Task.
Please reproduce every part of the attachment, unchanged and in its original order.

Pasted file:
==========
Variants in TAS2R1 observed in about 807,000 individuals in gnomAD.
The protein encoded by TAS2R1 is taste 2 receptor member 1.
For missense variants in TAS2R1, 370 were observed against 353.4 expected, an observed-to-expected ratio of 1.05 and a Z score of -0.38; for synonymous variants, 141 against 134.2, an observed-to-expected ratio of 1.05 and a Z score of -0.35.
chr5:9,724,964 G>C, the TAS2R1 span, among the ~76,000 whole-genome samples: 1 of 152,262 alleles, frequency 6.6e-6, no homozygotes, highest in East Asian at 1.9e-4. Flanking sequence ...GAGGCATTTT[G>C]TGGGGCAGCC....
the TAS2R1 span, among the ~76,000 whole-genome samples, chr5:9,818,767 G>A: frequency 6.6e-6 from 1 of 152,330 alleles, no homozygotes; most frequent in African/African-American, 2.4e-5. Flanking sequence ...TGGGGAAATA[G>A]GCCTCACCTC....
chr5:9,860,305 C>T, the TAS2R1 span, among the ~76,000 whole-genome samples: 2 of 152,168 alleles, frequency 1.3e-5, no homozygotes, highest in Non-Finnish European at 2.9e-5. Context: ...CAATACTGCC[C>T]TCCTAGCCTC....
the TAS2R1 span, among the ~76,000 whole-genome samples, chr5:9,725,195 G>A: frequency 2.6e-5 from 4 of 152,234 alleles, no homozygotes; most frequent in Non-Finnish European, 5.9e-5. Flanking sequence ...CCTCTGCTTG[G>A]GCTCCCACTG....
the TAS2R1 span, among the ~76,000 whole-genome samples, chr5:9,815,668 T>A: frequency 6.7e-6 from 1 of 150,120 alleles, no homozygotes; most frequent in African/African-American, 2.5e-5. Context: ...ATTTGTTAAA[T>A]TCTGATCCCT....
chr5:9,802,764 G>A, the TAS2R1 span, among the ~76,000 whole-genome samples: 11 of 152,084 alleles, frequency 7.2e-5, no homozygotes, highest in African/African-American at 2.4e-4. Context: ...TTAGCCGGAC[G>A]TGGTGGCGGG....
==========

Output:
Variants in TAS2R1 observed in about 807,000 individuals in gnomAD.
The protein encoded by TAS2R1 is taste 2 receptor member 1.
For missense variants in TAS2R1, 370 were observed against 353.4 expected, an observed-to-expected ratio of 1.05 and a Z score of -0.38; for synonymous variants, 141 against 134.2, an observed-to-expected ratio of 1.05 and a Z score of -0.35.
chr5:9,724,964 G>C, the TAS2R1 span, among the ~76,000 whole-genome samples: 1 of 152,262 alleles, frequency 6.6e-6, no homozygotes, highest in East Asian at 1.9e-4. Flanking sequence ...GAGGCATTTT[G>C]TGGGGCAGCC....
the TAS2R1 span, among the ~76,000 whole-genome samples, chr5:9,818,767 G>A: frequency 6.6e-6 from 1 of 152,330 alleles, no homozygotes; most frequent in African/African-American, 2.4e-5. Flanking sequence ...TGGGGAAATA[G>A]GCCTCACCTC....
chr5:9,860,305 C>T, the TAS2R1 span, among the ~76,000 whole-genome samples: 2 of 152,168 alleles, frequency 1.3e-5, no homozygotes, highest in Non-Finnish European at 2.9e-5. Context: ...CAATACTGCC[C>T]TCCTAGCCTC....
the TAS2R1 span, among the ~76,000 whole-genome samples, chr5:9,725,195 G>A: frequency 2.6e-5 from 4 of 152,234 alleles, no homozygotes; most frequent in Non-Finnish European, 5.9e-5. Flanking sequence ...CCTCTGCTTG[G>A]GCTCCCACTG....
the TAS2R1 span, among the ~76,000 whole-genome samples, chr5:9,815,668 T>A: frequency 6.7e-6 from 1 of 150,120 alleles, no homozygotes; most frequent in African/African-American, 2.5e-5. Context: ...ATTTGTTAAA[T>A]TCTGATCCCT....
chr5:9,802,764 G>A, the TAS2R1 span, among the ~76,000 whole-genome samples: 11 of 152,084 alleles, frequency 7.2e-5, no homozygotes, highest in African/African-American at 2.4e-4. Context: ...TTAGCCGGAC[G>A]TGGTGGCGGG....